Private rental sector tenants have spent the year so far working only to pay for their accommodation, the BBC claims.
The broadcaster says that a middle income earner in England would work 86 days to rent a average two-bedroom home, five more than in 2011; by contrast in Scotland and Wales the number of working days needed to cover their rent fell to 79 and 71 days respectively.
These broad-brush figures obviously mask many significant regional variations.
So for example the BBC says that if a typical full-time worker in England, living alone, spent everything they earned after tax and national insurance on their rent, they would have made enough money by May 3 to cover their rent. In London the cost of rent eats up 15 more days' pay than it did in 2011.
Tenants in much of the north of England, Scotland and Wales have seen the number of working days fall. In these areas take home pay has broadly increased faster than rental prices, owing to rises in the amount people can earn before paying tax, known as the personal allowance.
Similar workers in Scotland would have earned enough money to pay their rent by April 24 and in Wales workers would be rent free by April 12, says the corporation.
David Smith, policy director for the Residential Landlords Association, told the BBC: "There are local pressures across the country each with different underlying cause...What we need is a housing policy that is more flexible and we need to remember the vast majority of landlords don't rent out properties to make a fortune off the backs of young people."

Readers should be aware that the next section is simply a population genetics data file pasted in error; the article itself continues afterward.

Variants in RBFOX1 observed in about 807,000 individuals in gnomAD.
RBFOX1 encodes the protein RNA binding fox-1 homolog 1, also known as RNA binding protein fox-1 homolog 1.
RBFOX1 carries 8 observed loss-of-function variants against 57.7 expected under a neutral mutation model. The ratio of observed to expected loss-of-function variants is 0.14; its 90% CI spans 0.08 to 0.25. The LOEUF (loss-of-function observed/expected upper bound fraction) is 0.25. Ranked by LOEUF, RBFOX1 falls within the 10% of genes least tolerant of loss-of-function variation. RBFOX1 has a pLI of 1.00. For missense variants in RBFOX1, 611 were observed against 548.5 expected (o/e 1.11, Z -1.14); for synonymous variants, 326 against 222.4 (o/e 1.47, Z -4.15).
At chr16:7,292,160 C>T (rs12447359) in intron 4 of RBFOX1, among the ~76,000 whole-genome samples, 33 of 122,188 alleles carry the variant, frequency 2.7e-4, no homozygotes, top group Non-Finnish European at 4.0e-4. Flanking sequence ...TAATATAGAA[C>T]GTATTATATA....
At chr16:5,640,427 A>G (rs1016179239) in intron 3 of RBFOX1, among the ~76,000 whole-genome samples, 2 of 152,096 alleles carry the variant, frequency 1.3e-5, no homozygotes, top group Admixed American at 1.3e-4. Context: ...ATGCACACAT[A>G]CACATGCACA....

The BBC used data from over 200,000 private rental agreements plus Valuation Office and Office for National Statistics information.
It says the number of days it would take a tenant to pay the annual rent on a private two-bed property was calculated by dividing the median annual rent for a property by the median daily net pay for a full-time worker in each local authority area.
Net pay was calculated by taking the gross annual pay for the median worker in each local authority area, accounting for the personal allowance, income tax and national insurance, then dividing the figure by the total number of days the median worker could spend at work. The calculation excludes weekends, eight bank holidays in England and Wales and nine bank holidays in Scotland.